Japanese Classic Car Show 2013 Coverage…Part 1…

I’ve always been a huge fan of classic Japanese vehicles. The original styling of them and how they were re-imagined by car enthusiasts years later was always appealing to me. I think it is also very important to keep an eye on the older cars because they laid the foundation for our tuning community today. Without the people and cars of the past, we would have no present and certainly would not have the groundwork to create for the future. It’s always great to see Japanese classics still in incredibly immaculate condition after decades and decades and incredibly interesting to see what people do with them when they incorporate modern technology and parts into these old cars. I was bummed to have missed the past two years of the event because I’ve had prior commitments but when I found out the date of this year’s JCCS event, I made sure to mark it on my calender and keep the day free so that I could check it out. It’s not like your average car show in that you’ll see a wide variety of vehicles of all makes and models. At JCCS, you’re likely to see mainly Toyotas, Nissans, and Mazdas, all in their later years of existence. Hondas have never made a very big presence at this event until JCCS went out and made an effort to incorporate the brand by inviting Honda and the cars from the American Honda collection out to the event. This year, there was a better Honda presence, but it was still not “strong” in comparison to the flood of Toyotas and Nissans. It’s cool to see Hondas there but I mean, when you think of old Japanese classics, you don’t really think of the Honda brand…not just yet anyway. Hondas were seemingly from a different generation and built by a younger generation. As such, most of these early to late ’90s vehicles weren’t really thought of as classic cars. Maybe in another decade or so, we will really start to consider them a true Japanese classic but for the most part, it seems a little premature to inject the Honda brand into the JCCS event. I appreciate the effort by the JCCS staff to bring forth a Honda presence into the show but I still don’t know how I feel about seeing EF Civics at JCCS. On the other hand it’s pretty cool that the EF chassis is starting to get that level of respect from the old school tuner community. After all, it gets a little boring and repetitive only seeing the old Honda N600s and CVCCs at the show because they look basically the same every year….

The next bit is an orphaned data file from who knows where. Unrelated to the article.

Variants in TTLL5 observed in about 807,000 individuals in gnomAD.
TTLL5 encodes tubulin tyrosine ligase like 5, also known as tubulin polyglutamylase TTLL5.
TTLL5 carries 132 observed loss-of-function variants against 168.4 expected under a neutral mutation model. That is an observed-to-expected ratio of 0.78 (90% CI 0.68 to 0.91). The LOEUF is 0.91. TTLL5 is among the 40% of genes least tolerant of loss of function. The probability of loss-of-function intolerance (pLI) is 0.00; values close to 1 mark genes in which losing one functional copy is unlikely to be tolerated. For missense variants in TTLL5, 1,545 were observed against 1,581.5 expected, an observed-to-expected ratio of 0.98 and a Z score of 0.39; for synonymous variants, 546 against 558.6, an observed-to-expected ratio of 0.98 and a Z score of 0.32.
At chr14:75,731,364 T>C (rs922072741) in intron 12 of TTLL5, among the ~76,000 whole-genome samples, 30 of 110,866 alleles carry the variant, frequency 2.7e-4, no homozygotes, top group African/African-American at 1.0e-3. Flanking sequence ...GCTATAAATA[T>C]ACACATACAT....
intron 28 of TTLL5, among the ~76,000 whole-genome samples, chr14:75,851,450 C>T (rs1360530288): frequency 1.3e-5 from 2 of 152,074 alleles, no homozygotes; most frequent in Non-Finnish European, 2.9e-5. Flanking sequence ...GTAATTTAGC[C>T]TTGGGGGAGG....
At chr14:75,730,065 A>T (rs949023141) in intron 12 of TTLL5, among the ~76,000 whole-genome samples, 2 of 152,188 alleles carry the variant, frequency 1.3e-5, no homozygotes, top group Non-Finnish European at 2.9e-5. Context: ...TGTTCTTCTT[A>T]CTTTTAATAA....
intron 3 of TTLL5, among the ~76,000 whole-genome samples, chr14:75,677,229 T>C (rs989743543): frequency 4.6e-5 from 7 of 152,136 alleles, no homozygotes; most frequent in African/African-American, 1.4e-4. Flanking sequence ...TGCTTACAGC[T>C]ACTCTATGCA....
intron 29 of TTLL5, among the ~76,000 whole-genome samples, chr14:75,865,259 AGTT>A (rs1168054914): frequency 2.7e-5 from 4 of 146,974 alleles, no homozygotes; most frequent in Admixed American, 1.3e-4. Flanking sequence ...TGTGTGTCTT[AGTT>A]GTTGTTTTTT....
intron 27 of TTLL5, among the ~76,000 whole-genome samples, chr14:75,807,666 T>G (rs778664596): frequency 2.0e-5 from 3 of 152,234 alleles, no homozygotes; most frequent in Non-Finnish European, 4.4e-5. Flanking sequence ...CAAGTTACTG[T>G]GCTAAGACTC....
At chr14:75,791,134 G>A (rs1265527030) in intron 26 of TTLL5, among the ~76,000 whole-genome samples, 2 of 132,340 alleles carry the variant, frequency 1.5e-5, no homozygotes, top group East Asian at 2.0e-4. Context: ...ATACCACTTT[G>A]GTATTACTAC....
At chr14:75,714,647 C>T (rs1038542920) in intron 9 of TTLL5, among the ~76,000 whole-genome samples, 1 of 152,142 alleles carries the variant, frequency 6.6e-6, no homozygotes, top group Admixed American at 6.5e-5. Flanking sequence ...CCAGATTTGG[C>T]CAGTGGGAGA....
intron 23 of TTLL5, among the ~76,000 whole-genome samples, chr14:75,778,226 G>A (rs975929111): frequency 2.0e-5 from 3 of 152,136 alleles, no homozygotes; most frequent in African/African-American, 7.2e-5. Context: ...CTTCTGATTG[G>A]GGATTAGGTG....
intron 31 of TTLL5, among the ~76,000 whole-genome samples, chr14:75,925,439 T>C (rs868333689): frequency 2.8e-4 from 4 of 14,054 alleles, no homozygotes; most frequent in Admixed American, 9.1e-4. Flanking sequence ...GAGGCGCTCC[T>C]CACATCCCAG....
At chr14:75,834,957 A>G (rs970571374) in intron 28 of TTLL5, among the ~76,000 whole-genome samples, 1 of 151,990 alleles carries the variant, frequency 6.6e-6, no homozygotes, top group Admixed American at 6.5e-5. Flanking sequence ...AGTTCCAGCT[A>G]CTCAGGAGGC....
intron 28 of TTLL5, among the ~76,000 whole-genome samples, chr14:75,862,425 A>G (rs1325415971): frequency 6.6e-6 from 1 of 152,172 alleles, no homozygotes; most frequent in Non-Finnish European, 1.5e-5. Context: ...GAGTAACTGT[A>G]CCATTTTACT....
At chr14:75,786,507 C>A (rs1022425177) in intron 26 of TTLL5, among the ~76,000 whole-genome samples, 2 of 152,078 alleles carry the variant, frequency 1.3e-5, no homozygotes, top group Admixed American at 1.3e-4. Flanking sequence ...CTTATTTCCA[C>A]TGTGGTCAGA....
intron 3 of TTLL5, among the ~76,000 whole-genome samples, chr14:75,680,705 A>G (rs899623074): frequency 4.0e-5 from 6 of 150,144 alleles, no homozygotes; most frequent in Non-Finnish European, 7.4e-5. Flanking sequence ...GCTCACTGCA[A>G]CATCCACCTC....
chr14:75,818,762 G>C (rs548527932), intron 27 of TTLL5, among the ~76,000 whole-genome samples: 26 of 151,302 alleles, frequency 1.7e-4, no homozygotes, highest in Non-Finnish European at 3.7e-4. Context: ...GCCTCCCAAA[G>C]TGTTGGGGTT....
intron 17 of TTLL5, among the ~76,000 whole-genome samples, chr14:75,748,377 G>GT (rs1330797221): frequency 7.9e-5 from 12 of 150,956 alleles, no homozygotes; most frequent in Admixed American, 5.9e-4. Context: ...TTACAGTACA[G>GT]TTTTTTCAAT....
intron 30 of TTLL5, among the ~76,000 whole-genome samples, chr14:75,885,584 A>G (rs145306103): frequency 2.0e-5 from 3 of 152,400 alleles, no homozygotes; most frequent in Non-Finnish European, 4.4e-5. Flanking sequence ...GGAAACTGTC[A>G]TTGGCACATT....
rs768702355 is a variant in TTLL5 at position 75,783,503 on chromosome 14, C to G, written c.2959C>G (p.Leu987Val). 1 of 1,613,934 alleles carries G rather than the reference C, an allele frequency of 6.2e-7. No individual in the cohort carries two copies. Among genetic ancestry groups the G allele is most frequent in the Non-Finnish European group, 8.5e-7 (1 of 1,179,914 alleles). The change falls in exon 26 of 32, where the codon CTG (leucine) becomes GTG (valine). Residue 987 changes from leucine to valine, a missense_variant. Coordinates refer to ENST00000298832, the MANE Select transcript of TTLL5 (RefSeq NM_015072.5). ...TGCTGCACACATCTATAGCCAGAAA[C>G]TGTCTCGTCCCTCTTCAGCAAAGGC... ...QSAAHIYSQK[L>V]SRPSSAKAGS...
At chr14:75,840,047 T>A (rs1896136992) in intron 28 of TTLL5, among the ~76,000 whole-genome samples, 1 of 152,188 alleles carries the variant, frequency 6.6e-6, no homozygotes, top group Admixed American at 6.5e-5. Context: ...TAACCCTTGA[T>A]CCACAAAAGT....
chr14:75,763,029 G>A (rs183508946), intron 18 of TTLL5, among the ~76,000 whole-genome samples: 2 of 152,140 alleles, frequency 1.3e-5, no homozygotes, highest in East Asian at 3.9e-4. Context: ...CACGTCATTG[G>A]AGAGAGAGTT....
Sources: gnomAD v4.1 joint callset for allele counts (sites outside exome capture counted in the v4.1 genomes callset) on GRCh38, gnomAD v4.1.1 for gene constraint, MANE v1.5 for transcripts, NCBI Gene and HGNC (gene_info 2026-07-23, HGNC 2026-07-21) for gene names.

Even still, I really like the JCCS show. It is in its ninth year now and I don’t see this show going anywhere but up. Attendance was great this year and as early as I went, there were already hoards and hoards of people packing into the Long Beach venue. The vibe is just very different at this event. There is a bit of an older crowd and as such, you won’t hear loud booming house or hip hop music being played. You get a touch of everything from the past and it feels like you’re walking around in a supermarket because of the soothing tones from the speakers. The older crowd also means that people are a little bit more respectable. You won’t see people acting stupid or trying to be braggadocios in any way. They are just there to hang out and enjoy each other’s company. There really isn’t that competitive vibe there where people are only there to specifically win an award. Another huge difference between JCCS and other shows is that it ends earlier than most. I’ve missed the last couple of years because this event ends by 3 pm. The event starts at 9 and promptly ends at 3 so if you like to sleep in, you’re likely to miss most of the show. This is probably due to the fact that the people who attend the show are older and have families and have other things to do besides hang out at a car show until the early evening hours…